Covid-19 initially threatened to kill thousands of Kiwis last year – instead, New Zealand’s death rate finished up among its lowest in recent times.
A new study has also shown how a marked drop in deaths which came with level 4 restrictions was followed by historically low rates well beyond lockdown.
The Medical Research Institute of New Zealand-led (MRINZ) analysis, published in major journal The Lancet this month, explored trends 2020 death rates as far as mid-October.
It found lower rates that came after a sharp drop triggered by lockdown carried on through for nearly 30 weeks after.
“With a hard and fast approach to eliminating Covid-19, we were interested to find out what effect it might have had on overall mortality rates,” lead author Dr Stacey Kung said.
Using mortality data from Stats NZ Tatauranga Aotearoa, the researchers compared the number of weekly deaths in 2020 with the average weekly deaths during the 2015-2019 and 2011-2019 periods.
To account for changes in population size over the years, numbers of weekly deaths were reported as per million population.
The year got off to a typical start, hovering close to 120 weekly deaths per million, before the trendline took a sharp turn around late April, five weeks after New Zealand moved to level 4.
Over the 29 weeks after the start of lockdown, the mean death rate was 11 per cent lower than the same period between 2015 and 19 – or 123 weekly deaths per million, compared with 138 deaths per million.
The drop across all causes of mortality became especially clear after five weeks of lockdown, and stayed low despite public health intervention measures easing, and in a period where seasonal flu and pneumonia usually drove an increase.
“The continued decrease in weekly all-cause mortality, even after New Zealand had moved to Alert Level 2 and subsequently 1, is striking,” Kung said.
“It would be reasonable to expect that as life returned to normal, the weekly death rate would go back up to historical levels.
“At the time of publication, we didn’t have access to information about the specific cause of deaths in 2020 – so we could only speculate the reasons as to why the death toll was lower.”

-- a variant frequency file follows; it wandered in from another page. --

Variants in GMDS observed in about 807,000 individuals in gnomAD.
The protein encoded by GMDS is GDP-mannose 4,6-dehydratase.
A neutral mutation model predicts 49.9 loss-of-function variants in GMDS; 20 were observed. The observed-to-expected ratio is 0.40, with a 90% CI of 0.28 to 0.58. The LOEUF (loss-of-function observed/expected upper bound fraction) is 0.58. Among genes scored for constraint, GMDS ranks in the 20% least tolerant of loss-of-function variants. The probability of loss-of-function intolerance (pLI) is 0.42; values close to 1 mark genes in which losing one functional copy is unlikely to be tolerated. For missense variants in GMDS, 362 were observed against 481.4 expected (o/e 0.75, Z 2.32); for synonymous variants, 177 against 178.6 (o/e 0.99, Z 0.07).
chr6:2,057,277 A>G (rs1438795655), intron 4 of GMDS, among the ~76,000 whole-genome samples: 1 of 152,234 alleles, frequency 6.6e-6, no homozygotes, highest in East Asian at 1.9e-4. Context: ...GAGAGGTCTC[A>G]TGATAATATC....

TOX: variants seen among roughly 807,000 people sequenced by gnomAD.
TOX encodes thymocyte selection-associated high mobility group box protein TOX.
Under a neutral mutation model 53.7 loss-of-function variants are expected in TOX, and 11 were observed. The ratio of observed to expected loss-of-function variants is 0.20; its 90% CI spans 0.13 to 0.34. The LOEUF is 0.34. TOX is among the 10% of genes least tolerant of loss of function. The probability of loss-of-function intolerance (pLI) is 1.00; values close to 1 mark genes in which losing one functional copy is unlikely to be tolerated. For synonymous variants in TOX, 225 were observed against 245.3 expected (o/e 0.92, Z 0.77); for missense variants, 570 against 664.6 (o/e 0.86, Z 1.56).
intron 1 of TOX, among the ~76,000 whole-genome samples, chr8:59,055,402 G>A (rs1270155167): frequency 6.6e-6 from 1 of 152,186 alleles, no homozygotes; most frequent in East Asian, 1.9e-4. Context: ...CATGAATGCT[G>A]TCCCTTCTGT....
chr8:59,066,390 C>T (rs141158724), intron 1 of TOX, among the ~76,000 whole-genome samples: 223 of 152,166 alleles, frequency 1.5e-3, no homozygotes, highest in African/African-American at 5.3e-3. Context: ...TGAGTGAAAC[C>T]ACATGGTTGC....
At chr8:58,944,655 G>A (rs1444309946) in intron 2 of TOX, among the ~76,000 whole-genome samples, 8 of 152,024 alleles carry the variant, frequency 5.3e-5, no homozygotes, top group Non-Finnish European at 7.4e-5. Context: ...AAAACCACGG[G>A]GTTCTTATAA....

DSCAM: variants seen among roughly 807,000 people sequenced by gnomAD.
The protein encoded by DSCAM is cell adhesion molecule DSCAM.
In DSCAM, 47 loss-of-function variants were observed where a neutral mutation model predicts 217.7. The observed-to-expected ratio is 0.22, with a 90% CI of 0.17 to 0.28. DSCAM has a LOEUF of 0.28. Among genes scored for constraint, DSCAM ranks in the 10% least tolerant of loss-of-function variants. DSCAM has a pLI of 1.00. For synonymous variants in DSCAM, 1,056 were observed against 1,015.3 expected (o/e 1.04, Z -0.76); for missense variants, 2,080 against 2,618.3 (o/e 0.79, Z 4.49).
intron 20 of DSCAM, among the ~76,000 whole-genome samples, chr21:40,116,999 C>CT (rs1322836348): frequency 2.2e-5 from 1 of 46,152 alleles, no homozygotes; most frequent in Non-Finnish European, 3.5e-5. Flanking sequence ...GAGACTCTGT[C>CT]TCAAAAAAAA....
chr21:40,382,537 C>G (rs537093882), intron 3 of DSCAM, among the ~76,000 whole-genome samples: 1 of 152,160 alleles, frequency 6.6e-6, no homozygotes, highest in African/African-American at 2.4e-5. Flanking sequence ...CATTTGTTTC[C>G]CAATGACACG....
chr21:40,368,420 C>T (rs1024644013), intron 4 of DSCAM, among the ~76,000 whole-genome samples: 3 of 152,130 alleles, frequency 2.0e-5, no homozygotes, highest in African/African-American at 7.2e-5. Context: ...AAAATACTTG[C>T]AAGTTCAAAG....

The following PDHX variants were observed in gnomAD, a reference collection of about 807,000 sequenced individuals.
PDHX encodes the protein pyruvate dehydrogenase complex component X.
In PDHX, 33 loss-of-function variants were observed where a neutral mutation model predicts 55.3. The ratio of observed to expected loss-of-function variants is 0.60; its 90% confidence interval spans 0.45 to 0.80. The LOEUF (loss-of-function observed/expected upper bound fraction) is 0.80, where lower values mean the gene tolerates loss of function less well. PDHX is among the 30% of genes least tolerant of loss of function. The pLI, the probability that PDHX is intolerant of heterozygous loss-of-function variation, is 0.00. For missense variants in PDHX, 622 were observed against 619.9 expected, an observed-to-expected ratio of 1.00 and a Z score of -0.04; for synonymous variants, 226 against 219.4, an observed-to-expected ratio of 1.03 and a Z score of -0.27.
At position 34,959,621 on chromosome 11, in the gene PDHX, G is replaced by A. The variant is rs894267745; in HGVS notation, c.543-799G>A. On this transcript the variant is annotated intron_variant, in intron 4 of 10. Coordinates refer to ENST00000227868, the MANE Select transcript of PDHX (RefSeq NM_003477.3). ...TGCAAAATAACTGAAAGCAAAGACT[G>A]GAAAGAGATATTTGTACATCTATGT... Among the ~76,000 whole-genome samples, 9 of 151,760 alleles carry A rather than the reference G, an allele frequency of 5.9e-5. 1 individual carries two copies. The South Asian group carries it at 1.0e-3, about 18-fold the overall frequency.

Other studies have pointed to the fact that only 500 cases of influenza were detected up to September 27 – and 474 of them were recorded before lockdown.
“Adhering to good hygiene practices evidently helps to reduce not only the transmission of Covid-19, but also helps to reduce the transmission of the flu – with very few influenza hospitalisations reported last year,” Kung said.
More than 200,000 New Zealanders catch the flu each year, and an estimated at least 500 people die from it.
That accounted for 2 per cent of all deaths, and was more than the annual road toll – which last year proved to be lower, too.
Ministry of Transport provisional figures show 320 people were killed on our roads in 2020 – 32 fewer than in 2019.
In its own reporting, Stats NZ Tatauranga Aotearoa stated alert level restrictions – along with limits on road and air travel and temporary business closures – may have partly explained the 1,680 fewer deaths registered between March and September, compared with 2019.
Kung stressed it was still too early to say conclusively what the wider consequences of New Zealand’s public health measures were – but it was clear it delivered strong results.
“While the public health interventions used were not novel or specific to New Zealand, the clear communication with the public and strong leadership meant that all New Zealanders were on the same page and aware of expectations and policies implemented by the government,” she said.
“Unfortunately, that wasn’t seen in countries such as the US or the UK, which continue to grapple with the pandemic.”
In a separate study, just published in the European Respiratory Journal – Open Research, Kung and her colleagues also looked at all-cause death rates in more than 20 other nations – particularly where the virus had spread far.
Compared with the five years before, the researchers found there were more than 716,000 extra deaths in the countries included in the analysis – with Covid-19 attributed to around two thirds of those.
In most countries that had spikes in Covid-19-related deaths, the analysis found increases in all causes of deaths came before the increase in Covid-19 reported deaths.
“The key finding was that the number of deaths attributed to Covid-19 was underestimated by at least 35 per cent,” Kung said.
Research suggests that this could have been due to Covid-19 deaths being misclassified, such as deaths being incorrectly attributed to heart disease and cerebrovascular disease.
“Together, these findings suggest that the calculation of excess all-cause mortality is a better predictor of Covid-19 mortality than the reported rates, in those countries experiencing definite increases in mortality.”
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